I wrote of my life-long difficulty with clocks, calendars and schedules a couple of months ago. They’re human attempts to put the age-old and natural flow of time into artificial boxes that can be measured. It’s not that I resent measuring time or even keeping records of it. It’s just that I’m much more comfortable with the old way of telling time that worked just fine (and usually better) for many thousands of years. True, it’s less precise, but I believe it’s more in harmony with an inner “clock” and “calendar” that each of us still carries. Our distant ancestors lived by that form of time in a way that kept them more closely in harmony with the rest of nature. Their lives depended on knowing when to hunt which animals and when to gather certain foods. No two years are alike, so the only way to know was to keep close track of the signs. Unfortunately, many, if not most, people have not tried to set that ancient inner clock or gently flip the pages of the calendar as nature, in its good time, reveals when it’s appropriate.
We’ve even come up with a science to document and describe that old way of time telling. It’s called phenology, the study of relations between climate and periodic biological phenomena. I realized that those biological phenomena were important to me even though my life no longer depended on it, and long before I learned it was a science. I just felt better noting those natural events and being a bit more in tune with the world around me. Sometimes nature skips over something that I look forward to and I miss it. An example would be the lack of crab apples on a tree in my yard last winter. It didn’t set many last spring, and the few that it did were consumed by squirrels and birds long before winter. That meant no flocks of cedar waxwings and early-arriving robins came to visit as winter finally lost its grip. Maybe the waxwings will visit when the apple tree is in bloom in a few weeks. They love to feast on the flower petals. That would help make up for what I missed earlier and make spring more complete. Sadly, I sometimes miss important natural events not because they fail to happen, but because I fail to observe them when they do.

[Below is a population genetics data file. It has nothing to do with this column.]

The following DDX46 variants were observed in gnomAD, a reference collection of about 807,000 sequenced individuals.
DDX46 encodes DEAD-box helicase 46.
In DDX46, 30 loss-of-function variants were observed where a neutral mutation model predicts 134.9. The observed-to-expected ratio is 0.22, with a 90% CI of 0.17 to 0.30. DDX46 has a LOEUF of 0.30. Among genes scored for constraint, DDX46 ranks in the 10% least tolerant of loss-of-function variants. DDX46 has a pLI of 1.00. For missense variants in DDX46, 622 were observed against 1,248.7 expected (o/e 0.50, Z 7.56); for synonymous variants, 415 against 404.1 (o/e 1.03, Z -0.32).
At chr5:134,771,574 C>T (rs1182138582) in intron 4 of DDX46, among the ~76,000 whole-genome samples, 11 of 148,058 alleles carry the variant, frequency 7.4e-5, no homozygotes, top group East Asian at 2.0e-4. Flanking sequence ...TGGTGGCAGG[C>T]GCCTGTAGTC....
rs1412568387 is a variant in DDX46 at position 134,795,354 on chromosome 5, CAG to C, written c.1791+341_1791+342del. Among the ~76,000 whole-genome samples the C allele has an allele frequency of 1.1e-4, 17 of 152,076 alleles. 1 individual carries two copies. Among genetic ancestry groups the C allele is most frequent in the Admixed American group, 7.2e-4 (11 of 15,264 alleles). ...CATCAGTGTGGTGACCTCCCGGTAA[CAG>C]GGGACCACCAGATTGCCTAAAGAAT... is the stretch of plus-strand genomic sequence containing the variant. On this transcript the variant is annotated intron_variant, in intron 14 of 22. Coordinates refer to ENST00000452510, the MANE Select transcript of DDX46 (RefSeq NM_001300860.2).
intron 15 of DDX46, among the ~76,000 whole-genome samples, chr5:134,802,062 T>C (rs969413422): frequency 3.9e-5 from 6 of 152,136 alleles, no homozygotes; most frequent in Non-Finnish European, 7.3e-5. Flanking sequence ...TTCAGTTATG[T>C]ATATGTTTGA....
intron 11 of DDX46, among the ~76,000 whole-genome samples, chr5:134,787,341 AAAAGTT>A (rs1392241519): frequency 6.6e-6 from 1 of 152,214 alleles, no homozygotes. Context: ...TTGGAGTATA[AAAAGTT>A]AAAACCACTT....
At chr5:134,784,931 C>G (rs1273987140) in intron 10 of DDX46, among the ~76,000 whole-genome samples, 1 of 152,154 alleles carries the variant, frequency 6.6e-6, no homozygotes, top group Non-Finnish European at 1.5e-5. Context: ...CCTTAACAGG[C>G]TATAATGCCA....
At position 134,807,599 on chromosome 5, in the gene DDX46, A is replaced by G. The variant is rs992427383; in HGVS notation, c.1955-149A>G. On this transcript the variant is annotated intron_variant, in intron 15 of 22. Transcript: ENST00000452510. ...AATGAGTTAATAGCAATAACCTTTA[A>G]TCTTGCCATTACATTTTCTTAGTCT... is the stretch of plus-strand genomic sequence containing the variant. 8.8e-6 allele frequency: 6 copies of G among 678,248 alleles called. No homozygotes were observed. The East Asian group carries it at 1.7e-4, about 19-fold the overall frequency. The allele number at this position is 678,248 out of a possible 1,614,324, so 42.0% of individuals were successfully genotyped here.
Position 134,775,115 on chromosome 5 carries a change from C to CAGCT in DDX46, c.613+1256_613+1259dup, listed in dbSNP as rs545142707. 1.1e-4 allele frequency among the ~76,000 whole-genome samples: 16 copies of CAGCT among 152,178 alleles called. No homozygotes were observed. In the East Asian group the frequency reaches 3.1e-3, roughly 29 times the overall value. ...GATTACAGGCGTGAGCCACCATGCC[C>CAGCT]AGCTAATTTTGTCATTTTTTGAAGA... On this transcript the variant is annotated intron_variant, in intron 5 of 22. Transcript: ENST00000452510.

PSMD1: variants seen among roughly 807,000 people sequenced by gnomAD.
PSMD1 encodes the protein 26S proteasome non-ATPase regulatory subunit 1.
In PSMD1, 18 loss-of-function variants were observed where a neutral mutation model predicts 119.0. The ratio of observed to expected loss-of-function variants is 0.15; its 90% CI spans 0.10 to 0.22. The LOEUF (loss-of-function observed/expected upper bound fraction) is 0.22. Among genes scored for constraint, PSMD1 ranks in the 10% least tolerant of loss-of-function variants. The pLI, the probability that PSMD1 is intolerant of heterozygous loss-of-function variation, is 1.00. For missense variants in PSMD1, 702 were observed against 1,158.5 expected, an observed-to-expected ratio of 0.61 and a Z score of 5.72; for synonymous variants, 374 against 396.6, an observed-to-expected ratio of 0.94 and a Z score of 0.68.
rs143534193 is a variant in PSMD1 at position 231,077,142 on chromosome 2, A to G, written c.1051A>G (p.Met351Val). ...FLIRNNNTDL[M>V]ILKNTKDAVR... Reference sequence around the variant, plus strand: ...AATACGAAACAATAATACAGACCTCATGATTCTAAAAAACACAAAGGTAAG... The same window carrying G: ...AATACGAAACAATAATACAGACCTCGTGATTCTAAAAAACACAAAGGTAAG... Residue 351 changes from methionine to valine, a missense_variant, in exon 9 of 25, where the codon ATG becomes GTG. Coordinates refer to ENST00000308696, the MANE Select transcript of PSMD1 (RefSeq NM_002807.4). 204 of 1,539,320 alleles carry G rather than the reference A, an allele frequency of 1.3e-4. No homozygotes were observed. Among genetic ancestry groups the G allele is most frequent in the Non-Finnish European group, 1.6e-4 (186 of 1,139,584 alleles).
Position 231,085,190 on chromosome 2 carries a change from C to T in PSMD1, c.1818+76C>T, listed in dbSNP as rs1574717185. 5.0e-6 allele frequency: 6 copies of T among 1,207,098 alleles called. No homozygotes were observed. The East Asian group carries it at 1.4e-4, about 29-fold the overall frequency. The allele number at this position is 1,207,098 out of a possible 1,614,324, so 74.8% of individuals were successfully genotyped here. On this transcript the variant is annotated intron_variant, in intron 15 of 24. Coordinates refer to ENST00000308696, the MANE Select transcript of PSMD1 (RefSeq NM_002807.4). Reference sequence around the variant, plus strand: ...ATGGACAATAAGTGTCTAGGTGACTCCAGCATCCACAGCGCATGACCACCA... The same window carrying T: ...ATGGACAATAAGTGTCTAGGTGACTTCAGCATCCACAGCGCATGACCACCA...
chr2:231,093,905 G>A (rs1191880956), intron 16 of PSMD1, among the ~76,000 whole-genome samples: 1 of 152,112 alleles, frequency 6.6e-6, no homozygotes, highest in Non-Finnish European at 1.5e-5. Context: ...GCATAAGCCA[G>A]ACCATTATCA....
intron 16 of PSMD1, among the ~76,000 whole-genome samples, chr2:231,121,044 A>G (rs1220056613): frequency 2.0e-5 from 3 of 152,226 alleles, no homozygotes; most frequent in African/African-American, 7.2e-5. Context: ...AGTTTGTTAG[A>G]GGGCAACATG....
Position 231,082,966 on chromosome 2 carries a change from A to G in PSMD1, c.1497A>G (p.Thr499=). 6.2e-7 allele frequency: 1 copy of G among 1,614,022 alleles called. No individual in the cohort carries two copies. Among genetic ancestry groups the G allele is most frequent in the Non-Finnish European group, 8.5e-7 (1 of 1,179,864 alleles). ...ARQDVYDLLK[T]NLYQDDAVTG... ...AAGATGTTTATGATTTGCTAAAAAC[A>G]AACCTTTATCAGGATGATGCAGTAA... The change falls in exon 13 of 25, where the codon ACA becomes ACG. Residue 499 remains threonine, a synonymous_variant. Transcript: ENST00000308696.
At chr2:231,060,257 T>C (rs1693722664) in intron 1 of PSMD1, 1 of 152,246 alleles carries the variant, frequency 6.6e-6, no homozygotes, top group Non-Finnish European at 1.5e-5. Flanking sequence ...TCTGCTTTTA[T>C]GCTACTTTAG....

I took a walk last evening at nearby Hertz Woods south of Nevada. It was just before sunset and still comfortably warm after a glorious spring day when I’d done a lot of yard and garden work. My inner clock needed setting and, as luck would have it, old Mother Nature chimed in an important event. There, on a north-facing hillside, were little patches of white, pink, lavender and soft blue. Hepatica, the first wild flowers of spring, were in full bloom! Sunset light made their colors even warmer and more inviting. A few small insects buzzed around gathering their first flower food of the year. A couple of small orange butterflies sped by, but failed to stop long enough for me to identify them. A few little yellow and blue crocus and deep blue Siberian squill had already bloomed in my yard, but though they are pretty and most welcome, they are domestic and don’t mean as much to me as the parade of native wild flowers that has just begun.
Spring is mostly associated with saying hello to new arrivals and the emergence of new life, but it’s also a time of saying goodbye. I’ll miss the pair of tame little red-breasted nuthatches that kept us company all winter. I haven’t seen them in several days. The quiet little dark-eyed juncos will be following the nuthatches back north to their pine woods nesting areas soon, too. I hope I’ll get to hear a phrase or two of their trilling little spring song before they leave after their winter of silence. There are plenty more events to watch for and appreciate as spring marches forward. There will doubtlessly be some surprises since no two years are the same. Regardless of how this year goes, I’ll feel better just noting as many chimes of that ancient old clock as I can.
Steve Lekwa is the former director of Story County Conservation. Contact him at firstname.lastname@example.org.